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Amanda Rogers

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Identity, performance and globalisation are at the heart of the cultural practices interrogated by Amanda Rogers in Performing Asian Transnationalisms: Theatre, Identity and the Geography of Performance (Routledge, 2015). The book explores the global networks of theatre that have emerged between Asia, America and Europe, using a variety of policy, practice and political examples. The book argues that globalisation, and the attendant transnational flows of people and culture, has both the potential to create theatre careers and new, important, works, whist at the same time constraining individuals, communities and cultural forms. The book draws on a rich combination of ethnographic and interview data, along with theoretically informed cultural analysis, using examples ranging from The British Council and the Singapore Art Festival, through Asian American and British East Asian identities, to controversial performances of the Orphan of Zhao. The book will be of primary interest to cultural, geography and performance scholars, but has valuable insights for social science and the humanities more generally.

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Elizabeth Maddock DillonNew World Drama: The Performative Commons in the Atlantic World, 1649-1849

March 23, 2015

Riots, audiences on stage, fabulous costumes, gripping stories. That's what theater was like in the Atlantic world in the age of slavery and colonialism. Elizabeth Maddock Dillon wonderful book New World Drama: The Performative Commons in the Atlantic World, 1649-1849 (Duke University Press, 2014) vividly invokes a transatlantic network of performances and their publics, and argues […]

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Jen HarvieFair Play: Art, Performance and Neoliberalism

February 9, 2015

[Cross-posted from New Books in Critical Theory] Arts and culture are under threat in the age of austerity. This threat is underpinned by the misuse of the idea of participation in contemporary performance. This is one of the central arguments of Fair Play: Art, Performance and Neoliberalism (Palgrave, 2013) by Professor Jen Harvie. The book considers how arts and culture […]

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R. Keller KimbroughWondrous Brutal Fictions: Eight Buddhist Tales from the Early Japanese Puppet Theater

January 23, 2015

[Cross-posted from New Books in Buddhist Studies] In his recent book, Wondrous Brutal Fictions: Eight Buddhist Tales from the Early Japanese Puppet Theater (Columbia University Press, 2013), R. Keller Kimbrough provides us with eight beautifully translated sekkyō 説経 and ko-jōruri 古浄瑠璃 (“old” Japanese puppet theatre) pieces from the seventeenth century.  Sekkyō was a type of publically-performed Buddhist storytelling that focused on the forces of karma and the […]

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Steven FieldingA State of Play: British Politics on Screen, Stage and Page, from Anthony Trollope to The Thick of It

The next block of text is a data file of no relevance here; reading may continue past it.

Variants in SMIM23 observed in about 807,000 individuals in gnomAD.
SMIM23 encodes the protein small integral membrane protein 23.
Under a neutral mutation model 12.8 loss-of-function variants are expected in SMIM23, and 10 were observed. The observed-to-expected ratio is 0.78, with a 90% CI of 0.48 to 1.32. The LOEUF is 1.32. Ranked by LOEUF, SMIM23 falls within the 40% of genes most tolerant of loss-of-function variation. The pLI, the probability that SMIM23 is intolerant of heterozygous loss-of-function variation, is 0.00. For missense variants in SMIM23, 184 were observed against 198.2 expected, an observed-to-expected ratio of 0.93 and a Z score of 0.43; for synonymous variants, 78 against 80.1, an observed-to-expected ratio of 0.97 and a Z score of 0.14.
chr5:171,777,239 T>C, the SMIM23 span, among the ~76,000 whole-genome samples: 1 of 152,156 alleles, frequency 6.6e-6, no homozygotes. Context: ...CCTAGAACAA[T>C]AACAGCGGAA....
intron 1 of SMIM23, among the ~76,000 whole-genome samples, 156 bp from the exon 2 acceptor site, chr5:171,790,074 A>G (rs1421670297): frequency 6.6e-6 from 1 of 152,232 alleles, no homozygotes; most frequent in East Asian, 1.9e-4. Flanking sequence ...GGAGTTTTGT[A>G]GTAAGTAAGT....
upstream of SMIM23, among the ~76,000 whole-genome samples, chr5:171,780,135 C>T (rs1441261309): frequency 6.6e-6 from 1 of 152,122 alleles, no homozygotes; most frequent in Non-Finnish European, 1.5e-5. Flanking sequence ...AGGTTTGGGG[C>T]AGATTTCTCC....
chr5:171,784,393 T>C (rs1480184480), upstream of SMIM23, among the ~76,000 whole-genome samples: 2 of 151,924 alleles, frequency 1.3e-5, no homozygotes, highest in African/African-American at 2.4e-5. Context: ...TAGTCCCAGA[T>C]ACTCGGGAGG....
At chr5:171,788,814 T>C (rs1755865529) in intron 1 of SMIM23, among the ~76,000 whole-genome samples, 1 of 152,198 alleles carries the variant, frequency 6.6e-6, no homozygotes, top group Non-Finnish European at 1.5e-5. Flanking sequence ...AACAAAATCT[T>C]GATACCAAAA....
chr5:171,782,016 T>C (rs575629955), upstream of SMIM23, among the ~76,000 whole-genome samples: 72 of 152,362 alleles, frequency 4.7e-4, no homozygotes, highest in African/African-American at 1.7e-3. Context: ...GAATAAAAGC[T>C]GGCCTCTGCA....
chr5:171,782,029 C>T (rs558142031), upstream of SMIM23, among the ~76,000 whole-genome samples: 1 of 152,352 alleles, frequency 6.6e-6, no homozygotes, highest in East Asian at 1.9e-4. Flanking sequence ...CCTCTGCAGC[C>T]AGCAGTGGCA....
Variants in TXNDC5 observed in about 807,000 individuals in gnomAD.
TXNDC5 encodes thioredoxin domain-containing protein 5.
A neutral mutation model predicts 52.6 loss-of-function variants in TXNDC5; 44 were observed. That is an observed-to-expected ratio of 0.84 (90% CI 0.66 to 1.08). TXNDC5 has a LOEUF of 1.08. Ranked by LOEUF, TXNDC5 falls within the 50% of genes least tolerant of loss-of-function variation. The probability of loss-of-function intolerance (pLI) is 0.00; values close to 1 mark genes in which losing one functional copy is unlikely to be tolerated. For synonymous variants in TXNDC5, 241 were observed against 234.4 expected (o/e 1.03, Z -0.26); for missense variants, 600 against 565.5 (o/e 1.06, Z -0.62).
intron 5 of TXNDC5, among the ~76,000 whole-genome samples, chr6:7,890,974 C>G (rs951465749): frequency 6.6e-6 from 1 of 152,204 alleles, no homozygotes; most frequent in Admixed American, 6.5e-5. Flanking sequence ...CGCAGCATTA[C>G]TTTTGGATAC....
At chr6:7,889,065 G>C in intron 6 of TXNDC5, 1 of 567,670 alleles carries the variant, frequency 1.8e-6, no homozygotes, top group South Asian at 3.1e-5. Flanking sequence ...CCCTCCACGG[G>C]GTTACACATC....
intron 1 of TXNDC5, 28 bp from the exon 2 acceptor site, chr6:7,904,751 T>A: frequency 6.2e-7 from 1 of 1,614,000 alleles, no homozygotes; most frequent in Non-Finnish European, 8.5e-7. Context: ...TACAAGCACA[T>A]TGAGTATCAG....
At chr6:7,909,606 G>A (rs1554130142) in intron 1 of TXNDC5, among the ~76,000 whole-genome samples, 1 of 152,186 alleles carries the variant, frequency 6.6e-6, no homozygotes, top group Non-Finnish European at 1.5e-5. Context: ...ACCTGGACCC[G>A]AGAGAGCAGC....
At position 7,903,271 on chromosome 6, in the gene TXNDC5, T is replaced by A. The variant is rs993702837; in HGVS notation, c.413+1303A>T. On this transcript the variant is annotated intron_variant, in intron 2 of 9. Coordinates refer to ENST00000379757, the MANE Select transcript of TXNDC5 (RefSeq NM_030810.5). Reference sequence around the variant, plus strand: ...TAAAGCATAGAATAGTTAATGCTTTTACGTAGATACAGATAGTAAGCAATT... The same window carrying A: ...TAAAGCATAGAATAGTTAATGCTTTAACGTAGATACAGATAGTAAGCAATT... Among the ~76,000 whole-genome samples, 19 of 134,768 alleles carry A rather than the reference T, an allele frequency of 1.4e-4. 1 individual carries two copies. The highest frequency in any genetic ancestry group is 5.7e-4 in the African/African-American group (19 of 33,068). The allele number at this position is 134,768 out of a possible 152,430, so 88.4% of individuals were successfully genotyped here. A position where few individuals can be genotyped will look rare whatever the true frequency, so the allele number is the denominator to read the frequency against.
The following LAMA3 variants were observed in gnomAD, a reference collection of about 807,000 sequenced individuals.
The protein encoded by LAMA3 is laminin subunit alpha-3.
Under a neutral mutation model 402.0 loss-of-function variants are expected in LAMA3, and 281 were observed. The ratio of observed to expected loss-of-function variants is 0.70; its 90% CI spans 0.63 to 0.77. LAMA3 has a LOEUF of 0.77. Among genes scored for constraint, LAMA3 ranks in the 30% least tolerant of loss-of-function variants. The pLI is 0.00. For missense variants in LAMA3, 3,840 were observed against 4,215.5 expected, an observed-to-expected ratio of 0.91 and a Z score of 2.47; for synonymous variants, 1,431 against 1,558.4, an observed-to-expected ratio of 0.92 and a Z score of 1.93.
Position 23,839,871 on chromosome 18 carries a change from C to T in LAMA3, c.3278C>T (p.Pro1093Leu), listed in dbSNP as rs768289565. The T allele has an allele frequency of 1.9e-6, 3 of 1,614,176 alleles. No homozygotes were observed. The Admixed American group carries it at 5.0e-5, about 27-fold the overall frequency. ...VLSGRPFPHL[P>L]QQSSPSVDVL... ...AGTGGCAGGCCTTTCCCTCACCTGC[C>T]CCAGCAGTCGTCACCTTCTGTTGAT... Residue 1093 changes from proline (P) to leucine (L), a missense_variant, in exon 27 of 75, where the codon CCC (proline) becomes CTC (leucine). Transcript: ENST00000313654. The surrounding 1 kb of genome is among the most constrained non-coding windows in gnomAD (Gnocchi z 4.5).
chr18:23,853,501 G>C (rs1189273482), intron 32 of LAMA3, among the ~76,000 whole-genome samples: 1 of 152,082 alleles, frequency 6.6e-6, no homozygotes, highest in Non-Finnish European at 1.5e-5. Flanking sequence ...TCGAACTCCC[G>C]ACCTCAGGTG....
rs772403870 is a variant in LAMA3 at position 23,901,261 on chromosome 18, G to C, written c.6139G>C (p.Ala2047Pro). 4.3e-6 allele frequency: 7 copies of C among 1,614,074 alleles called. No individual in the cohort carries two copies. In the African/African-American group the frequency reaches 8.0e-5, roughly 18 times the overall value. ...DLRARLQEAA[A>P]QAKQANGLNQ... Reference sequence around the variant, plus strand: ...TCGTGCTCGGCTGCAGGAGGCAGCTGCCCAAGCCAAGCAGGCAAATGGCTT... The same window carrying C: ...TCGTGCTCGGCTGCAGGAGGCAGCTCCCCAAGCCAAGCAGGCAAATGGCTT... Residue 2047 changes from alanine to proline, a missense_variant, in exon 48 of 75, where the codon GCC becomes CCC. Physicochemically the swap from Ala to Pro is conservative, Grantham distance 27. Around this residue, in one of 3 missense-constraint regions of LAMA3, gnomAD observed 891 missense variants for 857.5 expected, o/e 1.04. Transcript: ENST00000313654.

December 12, 2014

[Cross-posted from New Books in Critical Theory] To understand contemporary politics we must understand how it is represented in fiction. This is the main argument in A State of Play: British Politics on Screen, Stage and Page, from Anthony Trollope to The Thick of It (Bloomsbury Academic, 2014) a new book by Steven Fielding, Professor of Politics at the University of Nottingham. […]

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Peter FilichiaBroadway Musicals: The Biggest Hit and the Biggest Flop of the Season 1959-2009

May 27, 2011

Speaking to long time theater critic Peter Filichia, one is reminded of listening to an old-time sportwriter talk about baseball. The Broadway he describes is full of colorful personalities, anecdotes, dates, numbers, and trivia. His spirit is enthusiastic and infectious: he’s turned his love of Broadway into a career. It’s a wonderful counterpoint to the […]

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George HunkaWord Made Flesh: Philosophy, Eros, and Contemporary Tragic Drama

May 1, 2011

George Hunka's book Word Made Flesh: Philosophy, Eros, and Contemporary Tragic Drama (Eyecorner Press, 2011) offers a series of challenges, provocations and meditations on Theatre (with a capital "T"). It’s a valuable piece of work to wrestle with, inviting both consideration and criticism. Much of Word Made Flesh is distilled from his public musings on […]

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Martin DentonPlays and Playwrights 2011

April 20, 2011

The world of "Off-Off Broadway" has been fertile soil for new American plays for decades. Since the late 1990s, one of its most fervent boosters and chroniclers has been Martin Denton, the founder of nytheatre.com and the editor and publisher of the Plays and Playwrights series from NYTE Small Press. The series began in 2000 […]

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Pamela CobrinFrom Winning the Vote to Directing on Broadway: The Emergence of Women on the New York Stage

April 6, 2011

Pamela Cobrin’s book From Winning the Vote to Directing on Broadway: The Emergence of Women on the New York Stage, 1880-1927 (University of Delaware Press, 2009) investigates the suffragists and early feminists through the lens of performance. Broadly defining performance, she includes the amateur theatricals of Mary Shaw’s Gamut Club, the one-acts of the Provincetown […]

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